According to Kyle Kohler, a Technical Sales Engineer at ITS San Francisco, identifying your equipment is the first part of the NIST Cybersecurity Framework (NIST CSF) 

He said, “Identification is the most common security gap [businesses have]. It’s where many businesses are already struggling – most organizations don’t know what they have.” 

MSPs fill up this common gap in clients’ knowledge. They’ll always go through your current setup. 

(If they’re pushing for solutions without asking what you have and need, run far away!) 

Usually, MSPs get this information by working through your network with automated tools. Some MSPs give this information to clients for free as a starting point to understanding your network.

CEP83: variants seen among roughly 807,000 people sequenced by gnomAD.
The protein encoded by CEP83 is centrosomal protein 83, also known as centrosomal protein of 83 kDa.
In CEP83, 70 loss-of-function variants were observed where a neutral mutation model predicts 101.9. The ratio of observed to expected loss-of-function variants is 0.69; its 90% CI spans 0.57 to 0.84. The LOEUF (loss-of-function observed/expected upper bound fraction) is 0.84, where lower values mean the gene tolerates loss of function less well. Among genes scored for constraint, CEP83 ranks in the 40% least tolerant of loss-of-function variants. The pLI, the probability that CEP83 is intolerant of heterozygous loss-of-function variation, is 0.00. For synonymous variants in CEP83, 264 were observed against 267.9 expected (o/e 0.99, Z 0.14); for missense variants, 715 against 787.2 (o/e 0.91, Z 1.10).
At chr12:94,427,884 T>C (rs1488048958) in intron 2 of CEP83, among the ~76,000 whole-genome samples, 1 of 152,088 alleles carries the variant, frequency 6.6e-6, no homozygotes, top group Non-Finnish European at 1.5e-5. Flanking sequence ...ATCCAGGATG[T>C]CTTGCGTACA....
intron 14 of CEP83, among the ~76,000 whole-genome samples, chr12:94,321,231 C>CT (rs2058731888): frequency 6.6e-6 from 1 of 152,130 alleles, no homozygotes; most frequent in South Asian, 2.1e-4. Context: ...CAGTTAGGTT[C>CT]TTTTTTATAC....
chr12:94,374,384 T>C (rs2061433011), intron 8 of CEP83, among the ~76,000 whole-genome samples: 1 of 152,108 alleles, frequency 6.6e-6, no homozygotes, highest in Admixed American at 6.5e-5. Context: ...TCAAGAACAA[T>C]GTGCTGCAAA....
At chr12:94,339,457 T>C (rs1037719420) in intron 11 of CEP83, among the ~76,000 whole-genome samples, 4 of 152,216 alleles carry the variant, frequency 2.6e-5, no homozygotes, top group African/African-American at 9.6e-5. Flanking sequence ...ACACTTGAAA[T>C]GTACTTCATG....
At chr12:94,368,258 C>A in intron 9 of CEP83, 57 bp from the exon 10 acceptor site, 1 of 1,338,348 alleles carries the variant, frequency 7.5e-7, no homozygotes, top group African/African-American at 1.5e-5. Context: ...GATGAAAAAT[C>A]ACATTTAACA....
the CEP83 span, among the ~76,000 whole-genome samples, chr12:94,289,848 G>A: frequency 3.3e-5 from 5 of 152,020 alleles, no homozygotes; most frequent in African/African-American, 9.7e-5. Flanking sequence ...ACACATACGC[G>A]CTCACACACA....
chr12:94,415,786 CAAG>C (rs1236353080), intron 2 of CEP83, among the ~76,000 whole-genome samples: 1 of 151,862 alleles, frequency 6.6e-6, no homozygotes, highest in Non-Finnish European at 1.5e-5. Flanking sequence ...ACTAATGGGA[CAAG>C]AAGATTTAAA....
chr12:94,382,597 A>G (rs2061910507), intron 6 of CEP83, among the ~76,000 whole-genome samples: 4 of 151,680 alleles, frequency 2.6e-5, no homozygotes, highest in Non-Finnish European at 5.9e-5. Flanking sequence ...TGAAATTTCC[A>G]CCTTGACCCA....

But Kohler pointed out, “While we get most of the information we need with an automated tool, we find the rest of the information by asking the right questions.”  

“So this is kind of the mini-next step in a network assessment: interviews. Checking with the departments and asking about the tools used. Maybe IT doesn’t know HR uses Dropbox, but marketing uses Google Drive. But the business is actually a Microsoft customer.” 

He advised clients to remember that the automated network assessment will get people most of the way, but tools alone cannot detect everything.  

You still need highly skilled technicians to go through your IT infrastructure, ask questions, and note what steps you need to take.  

How do MSPs recognize potential threats to security systems?  

MSP Staff inspecting a server

After going through the system with tools & questions and mapping out everything in the network, MSPs need to protect the system from potential threats.